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Biomechanics of BKA Renee Kitto Port Macquarie Base Hospital.

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Presentation on theme: "Biomechanics of BKA Renee Kitto Port Macquarie Base Hospital."— Presentation transcript:

1 Biomechanics of BKA Renee Kitto Port Macquarie Base Hospital

2 Contents n Normal gait n Prerequisites of Normal Gait n Gait characteristics of BKA n Other causes of gait abnormalities

3 Normal gait n Analysing pathological gait, compare to normal n Identifying gait deviation, you can work towards normal gait n Normal gait is the most energy efficient

4 Stance Phase n Begins at heel strike on one leg and ends at toe off on the same leg –Initial contact (heel Strike) –Loading response (0-10%) –Mid-stance (10-30%) –Terminal stance (push off) (30-50%) –Pre swing (toe off) (50-60%)

5 Swing Phase n Begins where stance ends and is the period between toe off on one leg and heel strike on the same leg –Initial swing (60-73%) –Mid-swing (73-87%) –Terminal-swing (87-100%)

6 Prerequisites of normal gait n Stability in Stance n Clearance in swing n Pre-position of the foot in terminal swing n Adequate step length n Energy conservation

7 Gait characteristics n BKA gait is asymmetrical

8 Gait Characteristics n Temporal and distance factors –Stance phase shorter on prosthetic side –Step length of the prosthetic side longer and faster –Self selected walking velocity is lower –Decreased Cadence –Average stride length is shorter

9 Gait Characteristics n Joint Angles –Decreased knee flexion (prosthetic side) during early stance –Decreased knee flexion (prosthetic side) during late stance –Larger relative knee angle range on the prosthetic side compared to the unaffected side –Greater than normal positions of maximum hip flexion (prosthetic side) –Increased knee flexion (unaffected side) during early stance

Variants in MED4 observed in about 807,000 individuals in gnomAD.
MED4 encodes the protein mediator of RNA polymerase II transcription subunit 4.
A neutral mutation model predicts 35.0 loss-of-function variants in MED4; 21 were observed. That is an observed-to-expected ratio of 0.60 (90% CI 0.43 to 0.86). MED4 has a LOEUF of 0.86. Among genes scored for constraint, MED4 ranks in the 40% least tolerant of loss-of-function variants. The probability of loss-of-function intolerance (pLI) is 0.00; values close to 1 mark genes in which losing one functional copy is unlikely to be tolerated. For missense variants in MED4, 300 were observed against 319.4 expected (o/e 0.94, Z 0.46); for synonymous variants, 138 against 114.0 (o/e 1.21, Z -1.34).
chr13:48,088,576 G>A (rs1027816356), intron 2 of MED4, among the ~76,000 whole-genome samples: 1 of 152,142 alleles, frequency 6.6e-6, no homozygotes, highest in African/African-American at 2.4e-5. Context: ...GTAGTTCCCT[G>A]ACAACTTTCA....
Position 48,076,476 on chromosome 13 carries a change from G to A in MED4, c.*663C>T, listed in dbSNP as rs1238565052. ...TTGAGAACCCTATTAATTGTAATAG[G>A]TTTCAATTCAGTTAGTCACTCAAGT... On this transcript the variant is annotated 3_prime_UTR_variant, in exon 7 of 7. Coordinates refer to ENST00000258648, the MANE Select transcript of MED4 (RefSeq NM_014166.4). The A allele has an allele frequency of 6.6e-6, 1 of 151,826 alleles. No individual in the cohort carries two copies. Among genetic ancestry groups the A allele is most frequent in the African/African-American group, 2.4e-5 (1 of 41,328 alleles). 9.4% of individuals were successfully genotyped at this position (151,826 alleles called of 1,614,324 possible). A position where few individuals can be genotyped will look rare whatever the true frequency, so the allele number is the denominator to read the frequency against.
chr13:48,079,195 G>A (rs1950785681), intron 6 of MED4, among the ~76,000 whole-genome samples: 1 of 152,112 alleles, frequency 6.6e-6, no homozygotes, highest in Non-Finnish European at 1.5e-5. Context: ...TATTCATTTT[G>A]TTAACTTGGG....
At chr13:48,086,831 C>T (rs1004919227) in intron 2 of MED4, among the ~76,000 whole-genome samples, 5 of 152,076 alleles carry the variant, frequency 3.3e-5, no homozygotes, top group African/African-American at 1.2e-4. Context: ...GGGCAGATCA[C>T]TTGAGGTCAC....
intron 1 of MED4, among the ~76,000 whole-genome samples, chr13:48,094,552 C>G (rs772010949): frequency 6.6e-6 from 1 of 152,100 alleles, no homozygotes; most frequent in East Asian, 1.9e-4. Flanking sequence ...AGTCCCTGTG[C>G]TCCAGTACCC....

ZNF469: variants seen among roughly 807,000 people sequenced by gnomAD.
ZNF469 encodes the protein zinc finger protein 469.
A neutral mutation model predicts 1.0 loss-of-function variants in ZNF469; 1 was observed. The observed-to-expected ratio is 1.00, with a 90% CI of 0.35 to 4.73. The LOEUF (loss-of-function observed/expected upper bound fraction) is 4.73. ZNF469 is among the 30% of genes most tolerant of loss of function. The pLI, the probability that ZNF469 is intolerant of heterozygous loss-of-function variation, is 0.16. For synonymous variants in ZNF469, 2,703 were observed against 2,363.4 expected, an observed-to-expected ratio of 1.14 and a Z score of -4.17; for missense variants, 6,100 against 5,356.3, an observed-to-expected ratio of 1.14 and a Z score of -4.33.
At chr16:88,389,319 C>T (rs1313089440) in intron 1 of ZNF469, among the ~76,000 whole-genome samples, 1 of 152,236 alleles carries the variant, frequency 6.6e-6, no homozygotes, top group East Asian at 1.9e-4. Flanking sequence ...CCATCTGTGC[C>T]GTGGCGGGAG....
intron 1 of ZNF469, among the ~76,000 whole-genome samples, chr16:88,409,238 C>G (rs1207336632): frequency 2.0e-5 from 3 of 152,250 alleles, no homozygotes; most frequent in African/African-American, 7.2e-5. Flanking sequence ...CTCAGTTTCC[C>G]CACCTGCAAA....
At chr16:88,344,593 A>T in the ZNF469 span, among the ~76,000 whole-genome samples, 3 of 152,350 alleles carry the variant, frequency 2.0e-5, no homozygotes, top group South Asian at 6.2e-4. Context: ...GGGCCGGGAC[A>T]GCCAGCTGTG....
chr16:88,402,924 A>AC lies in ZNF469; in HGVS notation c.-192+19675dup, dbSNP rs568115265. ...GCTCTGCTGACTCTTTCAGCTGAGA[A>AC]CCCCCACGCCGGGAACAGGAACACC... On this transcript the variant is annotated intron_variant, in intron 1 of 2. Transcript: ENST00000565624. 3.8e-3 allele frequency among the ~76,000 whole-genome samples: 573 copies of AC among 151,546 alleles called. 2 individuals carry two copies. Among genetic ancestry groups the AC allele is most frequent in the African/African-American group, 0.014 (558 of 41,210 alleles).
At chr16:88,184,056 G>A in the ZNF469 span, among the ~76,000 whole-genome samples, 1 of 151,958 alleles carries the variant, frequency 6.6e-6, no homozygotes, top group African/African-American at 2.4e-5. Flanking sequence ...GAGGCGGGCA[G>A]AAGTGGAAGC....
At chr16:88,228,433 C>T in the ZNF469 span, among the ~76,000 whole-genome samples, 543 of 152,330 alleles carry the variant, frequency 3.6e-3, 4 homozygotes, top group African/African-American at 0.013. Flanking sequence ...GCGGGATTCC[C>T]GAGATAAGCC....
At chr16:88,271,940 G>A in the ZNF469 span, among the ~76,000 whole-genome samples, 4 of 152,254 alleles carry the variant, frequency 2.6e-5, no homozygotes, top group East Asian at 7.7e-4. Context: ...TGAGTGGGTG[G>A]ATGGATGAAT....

10 Gait Characteristics n Joint moments –Unaffected side Higher hip extensor moment during stance Higher hip flexor moment during early swing Higher knee extension moment during stance –Prosthetic side Ankle D/F moment longer in duration and larger in amplitude during early stance

11 Gait Characteristics n Joint Power –Heel Contact (unaffected side) Increased hip extensor activity (unaffected side) –Heel Contact (prosthetic side) Increased hip abductor activity (unaffected side) Increased knee extensor activity (unaffected side) Increased hip extensor muscle bursts on both sides

12 Gait Characteristics n Joint Power –Midstance Increased hip abductor activity (prosthetic side) –Push-off Increased hip flexor power generation (prosthetic side)

13 Other causes of gait abnormalities Prosthesis Patients capability and general condition Shape, length and size of the residual limb Discomfort Inadequate or incorrect re-education Psychological, social or economic reasons

14 References n Bateni, H et al (2002) Kinematic and Kinetic Variations of Below-Knee Amputee Gait. Journal of Prosthetics and Orthotics, 14, n Engstrom, B&, Van de Ven, C (1999) Therapy for Amputees. London: Churchill Livingstone., n Robinson, J et al (1977) Accelerographic, Temporal, and Distance Gait Factors in Below-Knee Amputees. Physical Therapy, 57,

15 References n Sadeghi, H et al (2001)Muscle Power Compensatory Mechanisims in Below- Knee Amputee Gait. American Journal of Physical Medicine and Rehabilitation, 80, n Ruud, W et al (2004) Adaptions to Mass Perturbations in Transtibial Amputees: Kinetic or Kinematic Invariance. Archives of Physical Medicine and Rehabilitation, 85,


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